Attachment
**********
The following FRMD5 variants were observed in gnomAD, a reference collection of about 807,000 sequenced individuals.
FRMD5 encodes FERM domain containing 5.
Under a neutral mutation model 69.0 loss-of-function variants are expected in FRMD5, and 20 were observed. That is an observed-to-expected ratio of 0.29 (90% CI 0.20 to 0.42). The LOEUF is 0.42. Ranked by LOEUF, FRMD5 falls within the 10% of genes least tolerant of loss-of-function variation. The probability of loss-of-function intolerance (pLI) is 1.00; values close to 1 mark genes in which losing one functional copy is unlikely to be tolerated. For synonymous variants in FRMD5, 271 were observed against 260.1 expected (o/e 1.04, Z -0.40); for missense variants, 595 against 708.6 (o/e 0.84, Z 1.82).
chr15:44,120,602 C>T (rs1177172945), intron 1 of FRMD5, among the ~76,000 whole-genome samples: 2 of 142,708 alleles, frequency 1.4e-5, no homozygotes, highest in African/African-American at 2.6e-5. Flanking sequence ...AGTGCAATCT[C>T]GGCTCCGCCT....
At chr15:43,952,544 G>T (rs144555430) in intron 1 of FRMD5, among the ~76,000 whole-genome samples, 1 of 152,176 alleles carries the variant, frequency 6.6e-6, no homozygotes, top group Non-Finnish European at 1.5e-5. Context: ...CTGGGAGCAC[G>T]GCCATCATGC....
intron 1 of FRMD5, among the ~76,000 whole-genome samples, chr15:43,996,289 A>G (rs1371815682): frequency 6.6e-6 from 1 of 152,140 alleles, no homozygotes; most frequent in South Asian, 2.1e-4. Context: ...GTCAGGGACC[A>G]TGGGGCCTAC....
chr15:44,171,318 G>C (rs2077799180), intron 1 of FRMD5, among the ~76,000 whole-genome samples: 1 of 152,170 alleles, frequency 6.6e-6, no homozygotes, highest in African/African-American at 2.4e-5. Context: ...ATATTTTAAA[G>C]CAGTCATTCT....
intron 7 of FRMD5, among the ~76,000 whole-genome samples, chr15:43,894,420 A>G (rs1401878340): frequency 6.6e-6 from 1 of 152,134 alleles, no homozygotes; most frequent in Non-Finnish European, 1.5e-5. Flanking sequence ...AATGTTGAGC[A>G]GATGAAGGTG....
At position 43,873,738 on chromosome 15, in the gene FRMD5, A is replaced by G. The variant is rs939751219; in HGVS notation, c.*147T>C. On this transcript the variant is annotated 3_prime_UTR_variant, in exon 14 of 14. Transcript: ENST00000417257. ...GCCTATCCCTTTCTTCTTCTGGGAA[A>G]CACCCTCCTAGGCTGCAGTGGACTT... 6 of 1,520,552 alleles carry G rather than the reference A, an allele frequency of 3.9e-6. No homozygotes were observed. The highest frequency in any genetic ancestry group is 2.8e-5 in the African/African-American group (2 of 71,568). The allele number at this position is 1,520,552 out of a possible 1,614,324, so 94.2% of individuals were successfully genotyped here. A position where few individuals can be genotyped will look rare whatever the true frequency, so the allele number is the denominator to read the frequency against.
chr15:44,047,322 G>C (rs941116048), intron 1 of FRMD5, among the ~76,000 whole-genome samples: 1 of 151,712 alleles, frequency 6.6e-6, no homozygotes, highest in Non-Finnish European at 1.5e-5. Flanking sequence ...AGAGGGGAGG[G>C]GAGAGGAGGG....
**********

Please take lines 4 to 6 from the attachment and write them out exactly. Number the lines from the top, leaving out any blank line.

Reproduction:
chr15:44,120,602 C>T (rs1177172945), intron 1 of FRMD5, among the ~76,000 whole-genome samples: 2 of 142,708 alleles, frequency 1.4e-5, no homozygotes, highest in African/African-American at 2.6e-5. Flanking sequence ...AGTGCAATCT[C>T]GGCTCCGCCT....
At chr15:43,952,544 G>T (rs144555430) in intron 1 of FRMD5, among the ~76,000 whole-genome samples, 1 of 152,176 alleles carries the variant, frequency 6.6e-6, no homozygotes, top group Non-Finnish European at 1.5e-5. Context: ...CTGGGAGCAC[G>T]GCCATCATGC....
intron 1 of FRMD5, among the ~76,000 whole-genome samples, chr15:43,996,289 A>G (rs1371815682): frequency 6.6e-6 from 1 of 152,140 alleles, no homozygotes; most frequent in South Asian, 2.1e-4. Context: ...GTCAGGGACC[A>G]TGGGGCCTAC....